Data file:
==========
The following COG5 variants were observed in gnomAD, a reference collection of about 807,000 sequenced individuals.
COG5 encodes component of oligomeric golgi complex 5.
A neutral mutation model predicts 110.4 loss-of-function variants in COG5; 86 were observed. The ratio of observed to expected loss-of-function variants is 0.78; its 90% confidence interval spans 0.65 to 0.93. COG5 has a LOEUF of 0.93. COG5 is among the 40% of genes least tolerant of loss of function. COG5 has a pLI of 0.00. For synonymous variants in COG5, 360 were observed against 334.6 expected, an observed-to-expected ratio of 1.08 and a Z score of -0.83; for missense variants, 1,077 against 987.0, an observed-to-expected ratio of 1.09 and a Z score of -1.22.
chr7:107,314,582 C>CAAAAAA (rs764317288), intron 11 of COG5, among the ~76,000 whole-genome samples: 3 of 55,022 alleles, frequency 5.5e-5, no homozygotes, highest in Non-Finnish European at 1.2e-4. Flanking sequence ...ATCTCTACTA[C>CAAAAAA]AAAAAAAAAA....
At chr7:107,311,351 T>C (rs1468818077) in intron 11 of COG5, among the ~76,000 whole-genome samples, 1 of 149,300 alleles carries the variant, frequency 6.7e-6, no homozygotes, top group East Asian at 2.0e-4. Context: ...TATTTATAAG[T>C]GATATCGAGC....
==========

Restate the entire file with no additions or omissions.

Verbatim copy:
The following COG5 variants were observed in gnomAD, a reference collection of about 807,000 sequenced individuals.
COG5 encodes component of oligomeric golgi complex 5.
A neutral mutation model predicts 110.4 loss-of-function variants in COG5; 86 were observed. The ratio of observed to expected loss-of-function variants is 0.78; its 90% confidence interval spans 0.65 to 0.93. COG5 has a LOEUF of 0.93. COG5 is among the 40% of genes least tolerant of loss of function. COG5 has a pLI of 0.00. For synonymous variants in COG5, 360 were observed against 334.6 expected, an observed-to-expected ratio of 1.08 and a Z score of -0.83; for missense variants, 1,077 against 987.0, an observed-to-expected ratio of 1.09 and a Z score of -1.22.
chr7:107,314,582 C>CAAAAAA (rs764317288), intron 11 of COG5, among the ~76,000 whole-genome samples: 3 of 55,022 alleles, frequency 5.5e-5, no homozygotes, highest in Non-Finnish European at 1.2e-4. Flanking sequence ...ATCTCTACTA[C>CAAAAAA]AAAAAAAAAA....
At chr7:107,311,351 T>C (rs1468818077) in intron 11 of COG5, among the ~76,000 whole-genome samples, 1 of 149,300 alleles carries the variant, frequency 6.7e-6, no homozygotes, top group East Asian at 2.0e-4. Context: ...TATTTATAAG[T>C]GATATCGAGC....